Types of In-Space, Room Heaters (Part.1)

It is often frustrating to note that when you look for some information on
Room Heaters on the web you encounter a variety of heaters bearing a
multitude of confusing nomenclature.
Space Heaters
You may encounter names such as boilers, stoves, radiant heaters, radiators and a variety of sub divisions of these etc. and it is not your fault if you feel lost.

What are the types of Room Heaters available in the market?
All types of space heaters are broadly divided in to two categories according to the location of them, namely;

• In-space Heaters
• Centralized Heaters

As the name implies the Centralized Heaters (irrespective of any other differences) may be remotely located from the space to be heated. A ducted warm air ducting system or in the alternative a hydronic (or liquid circulating) piping system will bring the warmth of the thermal energy to the places of need. They are costly to buy, install and maintain .Therefore are popular in general only in larger buildings.

In contrast the in-space heaters are located within the room (space) where the warmth is desired. The fuel is consumed within the space to be heated. They are self contained and dedicated units popularly used in domestic applications and small commercial establishments.

Types of in –space Room Heaters
These may be;
• Permanently installed
• Portable
Good example of permanently installed in space heater is the age old fire place in the living area. A Gas “in –space” heater is a typical example of a portable unit.
The energy source may be;
• Liquid
• Gaseous
• Solid or
• Electrical
The transfer of heat to the space may be by a combination of radiation, natural or forced convection.

In Space Heaters according to the fuel used

According the fuels used the in space heaters are generally classified as follows;
• Gas “in-space” Room Heaters –The fuel used is generally natural gas. It is a self contained, free standing, non-recessed gas burning appliance radiating heat to the space within which it is located. These may be vented or unvented. The Vented type may again be Gravity vented or Fan vented. The vented room heaters have to be connected Vent, Chimney, or single walled metal pipe and should be designed for positive air flow to out side. In contrast the non vented in-space heaters need a fresh air intake. The heater should include an Oxygen sensor and an interlocked automatic heater shut down for health reasons. The most advanced design currently available is the catalytic type which uses a catalytic conversion of a good portion of the gas to heat energy sans the visible flames. The heat transfer is by low temperature radiation and convection air currents.
Inherently the flame-less nature offers a high level resistance to fire risks unlike conventional designs. Therefore an European Practice is to use these mounted on casters making them portable while using without venting. They also generally incorporate a built-in LPG cylinder.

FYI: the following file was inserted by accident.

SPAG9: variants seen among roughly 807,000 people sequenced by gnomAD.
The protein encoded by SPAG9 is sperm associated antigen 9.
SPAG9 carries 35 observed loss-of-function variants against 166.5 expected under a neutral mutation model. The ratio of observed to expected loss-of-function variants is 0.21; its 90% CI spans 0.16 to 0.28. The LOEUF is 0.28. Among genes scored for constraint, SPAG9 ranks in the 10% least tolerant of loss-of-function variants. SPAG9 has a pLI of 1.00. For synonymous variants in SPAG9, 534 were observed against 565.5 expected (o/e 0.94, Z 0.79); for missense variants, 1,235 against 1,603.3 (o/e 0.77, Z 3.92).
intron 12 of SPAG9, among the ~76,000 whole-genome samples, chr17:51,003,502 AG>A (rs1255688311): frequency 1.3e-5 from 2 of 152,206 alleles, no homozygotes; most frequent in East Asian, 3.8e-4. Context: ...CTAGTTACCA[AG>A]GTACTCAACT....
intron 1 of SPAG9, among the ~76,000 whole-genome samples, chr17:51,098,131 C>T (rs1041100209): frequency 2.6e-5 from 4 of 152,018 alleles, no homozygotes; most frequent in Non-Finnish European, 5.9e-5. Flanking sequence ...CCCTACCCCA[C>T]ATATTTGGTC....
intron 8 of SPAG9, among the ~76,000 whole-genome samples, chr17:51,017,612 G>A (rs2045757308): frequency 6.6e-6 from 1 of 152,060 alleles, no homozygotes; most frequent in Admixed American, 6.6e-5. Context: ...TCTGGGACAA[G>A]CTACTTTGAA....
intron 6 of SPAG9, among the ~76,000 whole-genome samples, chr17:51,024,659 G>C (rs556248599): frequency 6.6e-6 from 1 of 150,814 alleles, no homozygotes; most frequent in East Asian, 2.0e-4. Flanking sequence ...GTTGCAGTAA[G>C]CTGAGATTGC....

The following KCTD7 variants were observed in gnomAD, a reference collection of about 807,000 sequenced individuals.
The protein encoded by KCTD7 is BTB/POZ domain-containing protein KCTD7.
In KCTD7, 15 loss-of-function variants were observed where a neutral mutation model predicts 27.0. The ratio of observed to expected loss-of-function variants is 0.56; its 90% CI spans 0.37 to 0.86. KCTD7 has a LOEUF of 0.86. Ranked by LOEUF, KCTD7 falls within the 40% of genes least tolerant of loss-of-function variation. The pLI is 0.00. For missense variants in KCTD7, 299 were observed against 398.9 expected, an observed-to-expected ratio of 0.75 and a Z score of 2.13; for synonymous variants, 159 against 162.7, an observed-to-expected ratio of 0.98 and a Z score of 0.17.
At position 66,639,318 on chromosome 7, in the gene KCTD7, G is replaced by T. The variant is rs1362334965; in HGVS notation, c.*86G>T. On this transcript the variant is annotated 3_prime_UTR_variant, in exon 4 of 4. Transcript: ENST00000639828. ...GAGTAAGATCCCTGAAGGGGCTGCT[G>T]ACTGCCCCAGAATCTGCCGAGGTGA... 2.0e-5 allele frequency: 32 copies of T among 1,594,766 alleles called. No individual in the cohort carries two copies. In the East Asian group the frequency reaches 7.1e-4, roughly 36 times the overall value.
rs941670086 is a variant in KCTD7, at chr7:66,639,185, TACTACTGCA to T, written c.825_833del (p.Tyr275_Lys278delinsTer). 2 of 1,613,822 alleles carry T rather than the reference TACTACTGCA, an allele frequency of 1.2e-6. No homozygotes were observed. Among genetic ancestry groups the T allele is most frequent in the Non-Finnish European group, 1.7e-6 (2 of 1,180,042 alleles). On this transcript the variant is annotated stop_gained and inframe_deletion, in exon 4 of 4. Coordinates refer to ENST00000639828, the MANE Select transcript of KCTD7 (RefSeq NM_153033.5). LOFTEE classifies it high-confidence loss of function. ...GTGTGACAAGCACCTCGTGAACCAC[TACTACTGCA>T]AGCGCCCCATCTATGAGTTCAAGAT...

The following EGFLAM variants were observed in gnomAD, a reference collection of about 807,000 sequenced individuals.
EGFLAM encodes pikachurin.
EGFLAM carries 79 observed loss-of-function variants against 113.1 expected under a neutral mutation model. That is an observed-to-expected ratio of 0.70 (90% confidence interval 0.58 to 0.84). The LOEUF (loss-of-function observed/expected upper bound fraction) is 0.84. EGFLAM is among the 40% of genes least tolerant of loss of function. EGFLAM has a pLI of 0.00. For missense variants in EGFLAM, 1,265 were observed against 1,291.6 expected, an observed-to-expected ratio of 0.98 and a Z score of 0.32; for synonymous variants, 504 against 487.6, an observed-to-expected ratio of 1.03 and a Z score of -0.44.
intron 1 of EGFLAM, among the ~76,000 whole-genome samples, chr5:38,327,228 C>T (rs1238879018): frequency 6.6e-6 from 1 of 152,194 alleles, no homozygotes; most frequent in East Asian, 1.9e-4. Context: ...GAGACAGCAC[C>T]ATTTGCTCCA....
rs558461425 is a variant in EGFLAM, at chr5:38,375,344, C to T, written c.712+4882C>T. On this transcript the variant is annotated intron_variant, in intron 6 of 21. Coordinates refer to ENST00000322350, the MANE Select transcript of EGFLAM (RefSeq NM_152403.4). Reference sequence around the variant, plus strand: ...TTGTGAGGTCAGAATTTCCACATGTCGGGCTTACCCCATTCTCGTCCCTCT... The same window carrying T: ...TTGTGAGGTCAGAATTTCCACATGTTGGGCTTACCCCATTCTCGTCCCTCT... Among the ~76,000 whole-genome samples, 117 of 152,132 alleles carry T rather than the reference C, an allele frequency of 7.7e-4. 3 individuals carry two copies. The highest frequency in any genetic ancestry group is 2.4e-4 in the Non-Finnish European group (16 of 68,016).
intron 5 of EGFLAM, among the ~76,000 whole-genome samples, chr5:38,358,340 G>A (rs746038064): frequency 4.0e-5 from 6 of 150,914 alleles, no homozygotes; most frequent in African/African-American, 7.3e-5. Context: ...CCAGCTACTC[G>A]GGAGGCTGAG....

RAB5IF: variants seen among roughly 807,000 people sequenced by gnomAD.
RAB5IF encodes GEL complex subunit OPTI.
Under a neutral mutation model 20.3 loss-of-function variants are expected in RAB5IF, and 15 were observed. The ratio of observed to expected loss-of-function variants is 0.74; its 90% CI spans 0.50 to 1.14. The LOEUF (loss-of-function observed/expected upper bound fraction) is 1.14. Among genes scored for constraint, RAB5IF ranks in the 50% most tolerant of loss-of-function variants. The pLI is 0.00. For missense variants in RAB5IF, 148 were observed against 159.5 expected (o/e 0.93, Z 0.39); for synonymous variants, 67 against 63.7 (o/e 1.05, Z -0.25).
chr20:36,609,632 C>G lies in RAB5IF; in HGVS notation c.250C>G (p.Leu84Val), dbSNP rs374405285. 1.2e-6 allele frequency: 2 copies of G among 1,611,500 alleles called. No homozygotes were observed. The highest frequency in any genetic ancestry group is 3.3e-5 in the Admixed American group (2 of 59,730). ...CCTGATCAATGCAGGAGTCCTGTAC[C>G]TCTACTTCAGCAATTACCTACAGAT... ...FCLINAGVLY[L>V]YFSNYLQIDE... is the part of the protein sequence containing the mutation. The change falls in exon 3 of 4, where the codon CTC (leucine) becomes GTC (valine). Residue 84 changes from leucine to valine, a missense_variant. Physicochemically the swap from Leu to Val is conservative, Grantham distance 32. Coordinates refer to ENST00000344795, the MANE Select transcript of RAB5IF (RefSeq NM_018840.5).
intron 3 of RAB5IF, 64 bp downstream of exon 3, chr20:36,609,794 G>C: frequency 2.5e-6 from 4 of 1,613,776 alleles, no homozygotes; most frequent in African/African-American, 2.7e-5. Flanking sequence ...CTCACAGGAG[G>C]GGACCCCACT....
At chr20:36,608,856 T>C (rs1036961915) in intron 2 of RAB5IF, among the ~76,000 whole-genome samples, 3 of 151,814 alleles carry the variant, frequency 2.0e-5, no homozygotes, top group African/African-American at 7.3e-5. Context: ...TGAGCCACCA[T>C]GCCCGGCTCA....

The various designs include;
o Vented Circulator in space Room Heaters
o Vented Radiant Circulator
o Unvented Radiant or Convection Room Heaters
o Catalytic Room Heaters
• Gas in-space Wall Furnace-These gas burning furnaces are self contained vented appliances with grilles forming an architectural building feature. The Hot air is circulated by natural or fan forced air circulation. Some may have boots extending about 250mm to an adjoining room for heating that. Wall furnaces are further sub divided as;
o Conventional vent units- A conventional vent is fitted. Some have counter flow air direction with the hot air discharged at floor level.
o Vented recessed wall furnaces-The heater being recessed only the wall frill is visible from the room. The design allows for more free room space. The heaters are generally natural convection air flow design with the hot air being discharged at the top of the unit. Additional fans may be used to assist the circulation across the room.
o Direct vent Wall furnaces- In this type the fresh air is brought direct to the Heater unit and the flue gasses are similarly exhausted to outdoors. Majority is designed for natural convection but some come with fans. The heater is best suited for mounting on external walls and recessed with a grille exposed to the space. Well suited for air tight spaces where the direct venting comes in handy. Also infiltration (leakage) air losses are at a minimum saving energy.
• Floor Furnaces-These are floor mounted units and have a register (i.e. a Grille with a damper) from the periphery of which cold air is collected and from the center of same hot air is discharged. The combustion air as well as flue gases are vented direct to out doors.

With the next articles that will follow you will be taken through a tour of other types of
in-space room heaters illustrating their merits and demerits. There will be a discussion on the solid fuel burning burners which is certain to interest you from an energy and resource saving perspective. Meet us there!

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